Telling the Truth

connecting the dots of my life

Tag: Hospitality

On any given day

Death knocks
Each time I blink
Or turn around
To answer the door
Or look the other way

An incessant drizzle
Muffles the sound of
A clock chiming hours
Now gone forever. . .
Steals through pores
In skin and brain
Takes up sweet residence
Pays no rent and
Leaves no tips
For the next occupant

Today I’m off to the kitchen to make a big pot of lentil/veggie soup for my hungry soul. I’m comforted by the thought of death intermingling with life. It doesn’t make it any more attractive. It does, however, make sense of the passing away of each moment.

It also suggests ways to acknowledge its presence instead of wasting energy ignoring it — or trying to lock it in the recesses of a large closet to be opened only upon my death.

© Elouise Renich Fraser, 8 May 2019
Image found at fotosearch.com

How I set my table


As few utensils as possible
More than enough room for everyone
More than enough food for everyone
No pre-ordained seats for the chosen
No reserved seats for the religiously correct
No throne at the head of the table
No place-cards for the righteous few
No special utensils for the wealthy
No printed program at each place
Just a welcome sign of hospitality

Back in the early 1970s, when I was beginning my theological training, the term ‘evangelical’ was in the air. Many conservative Christians saw this as a dangerous distortion of the Gospel.

I saw it as Christianity focused on difficult issues such as poverty, social justice, racism and sexism. Not just praying about them, but marching in protests and becoming part of local efforts to raise awareness and push for change.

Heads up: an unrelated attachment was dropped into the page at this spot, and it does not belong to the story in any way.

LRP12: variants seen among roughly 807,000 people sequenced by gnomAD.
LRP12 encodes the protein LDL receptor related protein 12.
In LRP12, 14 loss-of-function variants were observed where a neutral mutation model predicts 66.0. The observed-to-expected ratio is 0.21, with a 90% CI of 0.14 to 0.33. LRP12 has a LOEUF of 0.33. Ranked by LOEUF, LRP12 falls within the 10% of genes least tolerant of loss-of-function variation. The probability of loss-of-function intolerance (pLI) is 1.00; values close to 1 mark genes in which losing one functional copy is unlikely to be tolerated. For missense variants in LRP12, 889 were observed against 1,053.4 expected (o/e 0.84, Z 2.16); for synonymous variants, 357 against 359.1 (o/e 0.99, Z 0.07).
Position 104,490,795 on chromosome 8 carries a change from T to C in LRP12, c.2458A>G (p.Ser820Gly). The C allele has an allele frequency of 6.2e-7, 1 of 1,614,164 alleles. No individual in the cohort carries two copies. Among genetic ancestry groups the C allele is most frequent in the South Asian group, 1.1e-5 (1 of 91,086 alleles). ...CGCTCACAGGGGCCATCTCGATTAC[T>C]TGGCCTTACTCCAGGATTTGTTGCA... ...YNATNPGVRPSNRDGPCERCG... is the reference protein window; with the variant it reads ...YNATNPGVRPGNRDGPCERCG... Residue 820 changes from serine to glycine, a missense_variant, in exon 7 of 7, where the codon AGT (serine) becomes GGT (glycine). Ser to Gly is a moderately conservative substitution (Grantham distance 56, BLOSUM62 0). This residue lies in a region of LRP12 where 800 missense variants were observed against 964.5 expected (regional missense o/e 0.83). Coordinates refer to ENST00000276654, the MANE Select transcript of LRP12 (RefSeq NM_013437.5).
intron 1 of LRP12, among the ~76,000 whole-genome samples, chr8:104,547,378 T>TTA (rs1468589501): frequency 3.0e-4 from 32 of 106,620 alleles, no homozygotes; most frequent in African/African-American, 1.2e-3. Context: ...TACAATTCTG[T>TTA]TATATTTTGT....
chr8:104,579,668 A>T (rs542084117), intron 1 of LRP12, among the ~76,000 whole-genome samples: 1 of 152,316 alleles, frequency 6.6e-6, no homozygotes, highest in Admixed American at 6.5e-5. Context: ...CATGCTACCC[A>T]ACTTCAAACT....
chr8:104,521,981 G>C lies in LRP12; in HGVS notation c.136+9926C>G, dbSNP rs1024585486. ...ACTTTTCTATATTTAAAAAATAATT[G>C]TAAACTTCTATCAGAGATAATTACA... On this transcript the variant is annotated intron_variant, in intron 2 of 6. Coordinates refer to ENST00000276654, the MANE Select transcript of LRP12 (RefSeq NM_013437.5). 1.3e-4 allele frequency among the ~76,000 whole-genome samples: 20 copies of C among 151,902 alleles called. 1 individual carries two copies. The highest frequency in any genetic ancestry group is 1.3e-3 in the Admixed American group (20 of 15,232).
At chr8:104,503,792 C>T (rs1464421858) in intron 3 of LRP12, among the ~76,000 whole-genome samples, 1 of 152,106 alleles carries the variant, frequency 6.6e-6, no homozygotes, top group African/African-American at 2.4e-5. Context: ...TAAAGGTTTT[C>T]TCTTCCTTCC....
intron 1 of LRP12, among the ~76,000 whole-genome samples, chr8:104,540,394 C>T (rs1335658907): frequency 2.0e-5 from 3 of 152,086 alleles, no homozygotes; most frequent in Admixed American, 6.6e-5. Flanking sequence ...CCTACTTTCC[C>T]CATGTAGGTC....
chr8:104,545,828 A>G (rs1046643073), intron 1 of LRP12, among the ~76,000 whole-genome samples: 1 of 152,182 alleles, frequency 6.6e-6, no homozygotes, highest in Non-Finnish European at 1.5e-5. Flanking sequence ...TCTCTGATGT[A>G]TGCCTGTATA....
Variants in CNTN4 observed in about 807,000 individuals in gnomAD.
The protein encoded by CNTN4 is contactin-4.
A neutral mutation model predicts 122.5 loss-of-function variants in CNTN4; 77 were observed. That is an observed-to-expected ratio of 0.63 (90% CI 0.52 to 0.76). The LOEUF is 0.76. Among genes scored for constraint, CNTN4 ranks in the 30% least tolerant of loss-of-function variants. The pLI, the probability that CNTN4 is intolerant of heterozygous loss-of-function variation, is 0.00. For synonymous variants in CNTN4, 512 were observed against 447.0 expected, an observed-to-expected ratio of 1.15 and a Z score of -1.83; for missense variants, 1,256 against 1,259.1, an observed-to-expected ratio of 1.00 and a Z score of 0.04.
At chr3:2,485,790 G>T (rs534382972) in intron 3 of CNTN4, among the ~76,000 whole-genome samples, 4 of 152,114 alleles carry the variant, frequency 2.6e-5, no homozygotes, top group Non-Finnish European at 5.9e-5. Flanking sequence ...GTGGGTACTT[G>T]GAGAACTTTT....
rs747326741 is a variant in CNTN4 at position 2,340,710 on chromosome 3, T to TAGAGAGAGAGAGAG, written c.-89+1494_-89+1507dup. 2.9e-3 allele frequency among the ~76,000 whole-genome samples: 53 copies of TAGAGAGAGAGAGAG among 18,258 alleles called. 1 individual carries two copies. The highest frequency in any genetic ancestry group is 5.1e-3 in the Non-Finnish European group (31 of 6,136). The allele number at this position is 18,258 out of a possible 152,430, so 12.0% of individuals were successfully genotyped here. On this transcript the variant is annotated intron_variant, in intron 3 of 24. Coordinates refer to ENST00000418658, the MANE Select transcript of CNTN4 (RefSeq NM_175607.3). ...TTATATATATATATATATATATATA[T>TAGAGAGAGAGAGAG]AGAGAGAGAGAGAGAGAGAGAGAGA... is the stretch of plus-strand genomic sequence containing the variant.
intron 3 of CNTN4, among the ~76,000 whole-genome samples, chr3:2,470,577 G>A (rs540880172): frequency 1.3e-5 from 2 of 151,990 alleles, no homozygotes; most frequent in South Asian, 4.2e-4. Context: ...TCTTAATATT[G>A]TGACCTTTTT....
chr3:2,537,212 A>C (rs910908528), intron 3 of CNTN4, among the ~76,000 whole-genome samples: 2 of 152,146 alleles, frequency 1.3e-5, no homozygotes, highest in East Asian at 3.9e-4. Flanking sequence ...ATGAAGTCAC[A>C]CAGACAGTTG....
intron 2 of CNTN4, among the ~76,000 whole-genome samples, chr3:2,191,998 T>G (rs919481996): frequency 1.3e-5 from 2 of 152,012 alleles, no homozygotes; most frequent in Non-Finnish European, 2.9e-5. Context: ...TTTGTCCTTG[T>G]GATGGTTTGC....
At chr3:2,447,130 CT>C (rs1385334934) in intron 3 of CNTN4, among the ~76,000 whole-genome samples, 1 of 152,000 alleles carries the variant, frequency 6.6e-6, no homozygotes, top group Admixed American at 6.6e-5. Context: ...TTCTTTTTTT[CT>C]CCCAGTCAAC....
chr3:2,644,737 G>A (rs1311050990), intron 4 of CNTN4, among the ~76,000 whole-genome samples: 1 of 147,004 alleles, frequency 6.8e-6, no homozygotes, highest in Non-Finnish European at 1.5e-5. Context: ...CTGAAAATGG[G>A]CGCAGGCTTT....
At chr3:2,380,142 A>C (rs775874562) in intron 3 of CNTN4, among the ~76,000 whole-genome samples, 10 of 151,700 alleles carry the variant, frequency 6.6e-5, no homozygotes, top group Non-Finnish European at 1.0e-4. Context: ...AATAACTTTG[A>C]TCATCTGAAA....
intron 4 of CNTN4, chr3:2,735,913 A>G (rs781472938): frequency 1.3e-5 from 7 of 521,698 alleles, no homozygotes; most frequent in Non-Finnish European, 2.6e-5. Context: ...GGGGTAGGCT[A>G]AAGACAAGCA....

I knew I’d found a home. Nonetheless, after identifying myself as an evangelical Christian, some judged me as a betrayer of true Christian faith.

Back then, evangelical Christians also reached out to other denominations and faith-based organizations to maximize their impact on issues of common concern. This meant we were ecumenical. An additional betrayal of ‘true’ Christian faith.

Times have changed. The press and some Evangelicals have politicized the term over the years. We who are not part of the religious right wince when we hear ‘Evangelicals’ used in political discourse.

Statisticians now tell us Mr. Trump would not be president if it weren’t for white Evangelicals. According to the latest statistics, 80% of all white Evangelicals voted for Donald Trump. Without them, he would not have won the electoral vote. For many of them, he’s still the answer to their desire for an overtly Christian nation. Not simply in numbers, but in political realities that matter to them.

I won’t and can’t distance myself from my Evangelical friends. Nonetheless, I’ve decided it’s more than enough to say I am a follower of Jesus Christ. I also happen to be white, female, a wife, mother and grandmother, musician, poet, writer, and a Christian theologian who cares deeply about the way I live as a follower of Jesus each day.